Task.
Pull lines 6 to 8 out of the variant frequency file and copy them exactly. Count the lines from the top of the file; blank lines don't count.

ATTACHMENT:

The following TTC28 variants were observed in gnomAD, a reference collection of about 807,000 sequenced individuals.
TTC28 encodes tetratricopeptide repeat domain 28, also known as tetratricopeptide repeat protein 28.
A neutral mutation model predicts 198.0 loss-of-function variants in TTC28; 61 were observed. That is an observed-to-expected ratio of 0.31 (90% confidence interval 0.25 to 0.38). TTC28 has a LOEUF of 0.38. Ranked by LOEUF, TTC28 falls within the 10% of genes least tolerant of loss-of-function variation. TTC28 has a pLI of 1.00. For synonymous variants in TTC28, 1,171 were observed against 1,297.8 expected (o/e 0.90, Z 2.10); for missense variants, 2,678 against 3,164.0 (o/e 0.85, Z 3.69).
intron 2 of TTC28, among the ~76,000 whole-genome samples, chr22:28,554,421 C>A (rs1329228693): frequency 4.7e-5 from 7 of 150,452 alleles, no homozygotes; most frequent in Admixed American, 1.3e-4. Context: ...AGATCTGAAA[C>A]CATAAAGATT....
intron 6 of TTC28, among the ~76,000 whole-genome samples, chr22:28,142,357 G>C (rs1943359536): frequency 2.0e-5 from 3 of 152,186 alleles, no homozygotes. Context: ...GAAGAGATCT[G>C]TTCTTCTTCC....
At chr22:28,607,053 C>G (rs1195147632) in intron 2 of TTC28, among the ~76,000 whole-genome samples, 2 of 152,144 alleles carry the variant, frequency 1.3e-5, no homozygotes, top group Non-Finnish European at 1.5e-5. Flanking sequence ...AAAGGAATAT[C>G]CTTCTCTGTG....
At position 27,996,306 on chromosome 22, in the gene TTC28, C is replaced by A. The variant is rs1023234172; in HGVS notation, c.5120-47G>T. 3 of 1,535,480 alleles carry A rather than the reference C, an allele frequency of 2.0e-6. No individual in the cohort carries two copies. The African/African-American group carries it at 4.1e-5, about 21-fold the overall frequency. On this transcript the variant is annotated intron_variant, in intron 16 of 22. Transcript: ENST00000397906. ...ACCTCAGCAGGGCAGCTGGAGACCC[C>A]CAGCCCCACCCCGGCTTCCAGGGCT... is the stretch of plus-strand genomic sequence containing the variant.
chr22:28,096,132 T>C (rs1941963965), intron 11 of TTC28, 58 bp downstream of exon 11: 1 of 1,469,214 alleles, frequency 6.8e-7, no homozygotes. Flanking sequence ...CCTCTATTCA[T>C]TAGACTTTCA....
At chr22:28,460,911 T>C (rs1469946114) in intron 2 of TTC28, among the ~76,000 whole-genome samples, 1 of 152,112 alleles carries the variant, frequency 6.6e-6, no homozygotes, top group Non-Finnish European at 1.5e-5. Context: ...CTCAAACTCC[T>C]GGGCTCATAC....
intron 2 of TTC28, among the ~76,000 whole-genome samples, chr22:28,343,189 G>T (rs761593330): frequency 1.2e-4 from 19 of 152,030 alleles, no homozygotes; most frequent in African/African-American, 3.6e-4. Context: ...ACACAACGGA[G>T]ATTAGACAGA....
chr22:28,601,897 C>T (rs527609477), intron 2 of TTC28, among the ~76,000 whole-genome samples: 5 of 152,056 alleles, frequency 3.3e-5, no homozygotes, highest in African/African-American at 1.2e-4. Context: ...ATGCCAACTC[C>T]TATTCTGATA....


At chr22:28,607,053 C>G (rs1195147632) in intron 2 of TTC28, among the ~76,000 whole-genome samples, 2 of 152,144 alleles carry the variant, frequency 1.3e-5, no homozygotes, top group Non-Finnish European at 1.5e-5. Flanking sequence ...AAAGGAATAT[C>G]CTTCTCTGTG....
At position 27,996,306 on chromosome 22, in the gene TTC28, C is replaced by A. The variant is rs1023234172; in HGVS notation, c.5120-47G>T. 3 of 1,535,480 alleles carry A rather than the reference C, an allele frequency of 2.0e-6. No individual in the cohort carries two copies. The African/African-American group carries it at 4.1e-5, about 21-fold the overall frequency. On this transcript the variant is annotated intron_variant, in intron 16 of 22. Transcript: ENST00000397906. ...ACCTCAGCAGGGCAGCTGGAGACCC[C>A]CAGCCCCACCCCGGCTTCCAGGGCT... is the stretch of plus-strand genomic sequence containing the variant.
chr22:28,096,132 T>C (rs1941963965), intron 11 of TTC28, 58 bp downstream of exon 11: 1 of 1,469,214 alleles, frequency 6.8e-7, no homozygotes. Flanking sequence ...CCTCTATTCA[T>C]TAGACTTTCA....